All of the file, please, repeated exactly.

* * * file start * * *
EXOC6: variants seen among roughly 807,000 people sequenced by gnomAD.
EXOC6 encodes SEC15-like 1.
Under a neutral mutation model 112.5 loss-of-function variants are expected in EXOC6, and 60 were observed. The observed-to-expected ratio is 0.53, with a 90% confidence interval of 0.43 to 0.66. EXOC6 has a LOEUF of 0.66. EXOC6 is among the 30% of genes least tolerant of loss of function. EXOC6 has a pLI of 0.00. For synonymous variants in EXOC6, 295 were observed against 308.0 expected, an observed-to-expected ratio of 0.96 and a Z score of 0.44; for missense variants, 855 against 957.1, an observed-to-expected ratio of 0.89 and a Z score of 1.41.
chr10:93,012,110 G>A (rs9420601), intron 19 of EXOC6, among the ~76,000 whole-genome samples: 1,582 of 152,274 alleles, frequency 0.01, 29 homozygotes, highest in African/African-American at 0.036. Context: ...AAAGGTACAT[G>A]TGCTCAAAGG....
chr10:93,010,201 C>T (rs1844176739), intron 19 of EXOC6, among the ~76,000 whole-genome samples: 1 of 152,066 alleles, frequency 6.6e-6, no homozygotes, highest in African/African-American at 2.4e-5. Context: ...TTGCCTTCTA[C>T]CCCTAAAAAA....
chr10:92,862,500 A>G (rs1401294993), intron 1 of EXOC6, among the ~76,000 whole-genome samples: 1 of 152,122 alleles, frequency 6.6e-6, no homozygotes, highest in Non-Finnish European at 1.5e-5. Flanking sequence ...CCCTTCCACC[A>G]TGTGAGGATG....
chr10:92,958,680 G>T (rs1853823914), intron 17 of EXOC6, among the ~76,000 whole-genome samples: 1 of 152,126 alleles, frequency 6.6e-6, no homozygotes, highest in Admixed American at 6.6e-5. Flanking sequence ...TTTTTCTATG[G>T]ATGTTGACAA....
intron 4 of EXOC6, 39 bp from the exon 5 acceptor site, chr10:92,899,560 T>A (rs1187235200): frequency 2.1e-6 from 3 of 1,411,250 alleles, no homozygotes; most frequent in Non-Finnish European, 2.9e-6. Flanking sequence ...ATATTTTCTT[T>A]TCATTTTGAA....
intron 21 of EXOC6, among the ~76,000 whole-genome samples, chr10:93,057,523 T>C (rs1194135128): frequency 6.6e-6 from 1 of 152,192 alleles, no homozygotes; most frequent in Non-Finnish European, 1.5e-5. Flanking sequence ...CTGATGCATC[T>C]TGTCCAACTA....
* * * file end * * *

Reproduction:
EXOC6: variants seen among roughly 807,000 people sequenced by gnomAD.
EXOC6 encodes SEC15-like 1.
Under a neutral mutation model 112.5 loss-of-function variants are expected in EXOC6, and 60 were observed. The observed-to-expected ratio is 0.53, with a 90% confidence interval of 0.43 to 0.66. EXOC6 has a LOEUF of 0.66. EXOC6 is among the 30% of genes least tolerant of loss of function. EXOC6 has a pLI of 0.00. For synonymous variants in EXOC6, 295 were observed against 308.0 expected, an observed-to-expected ratio of 0.96 and a Z score of 0.44; for missense variants, 855 against 957.1, an observed-to-expected ratio of 0.89 and a Z score of 1.41.
chr10:93,012,110 G>A (rs9420601), intron 19 of EXOC6, among the ~76,000 whole-genome samples: 1,582 of 152,274 alleles, frequency 0.01, 29 homozygotes, highest in African/African-American at 0.036. Context: ...AAAGGTACAT[G>A]TGCTCAAAGG....
chr10:93,010,201 C>T (rs1844176739), intron 19 of EXOC6, among the ~76,000 whole-genome samples: 1 of 152,066 alleles, frequency 6.6e-6, no homozygotes, highest in African/African-American at 2.4e-5. Context: ...TTGCCTTCTA[C>T]CCCTAAAAAA....
chr10:92,862,500 A>G (rs1401294993), intron 1 of EXOC6, among the ~76,000 whole-genome samples: 1 of 152,122 alleles, frequency 6.6e-6, no homozygotes, highest in Non-Finnish European at 1.5e-5. Flanking sequence ...CCCTTCCACC[A>G]TGTGAGGATG....
chr10:92,958,680 G>T (rs1853823914), intron 17 of EXOC6, among the ~76,000 whole-genome samples: 1 of 152,126 alleles, frequency 6.6e-6, no homozygotes, highest in Admixed American at 6.6e-5. Flanking sequence ...TTTTTCTATG[G>T]ATGTTGACAA....
intron 4 of EXOC6, 39 bp from the exon 5 acceptor site, chr10:92,899,560 T>A (rs1187235200): frequency 2.1e-6 from 3 of 1,411,250 alleles, no homozygotes; most frequent in Non-Finnish European, 2.9e-6. Flanking sequence ...ATATTTTCTT[T>A]TCATTTTGAA....
intron 21 of EXOC6, among the ~76,000 whole-genome samples, chr10:93,057,523 T>C (rs1194135128): frequency 6.6e-6 from 1 of 152,192 alleles, no homozygotes; most frequent in Non-Finnish European, 1.5e-5. Flanking sequence ...CTGATGCATC[T>C]TGTCCAACTA....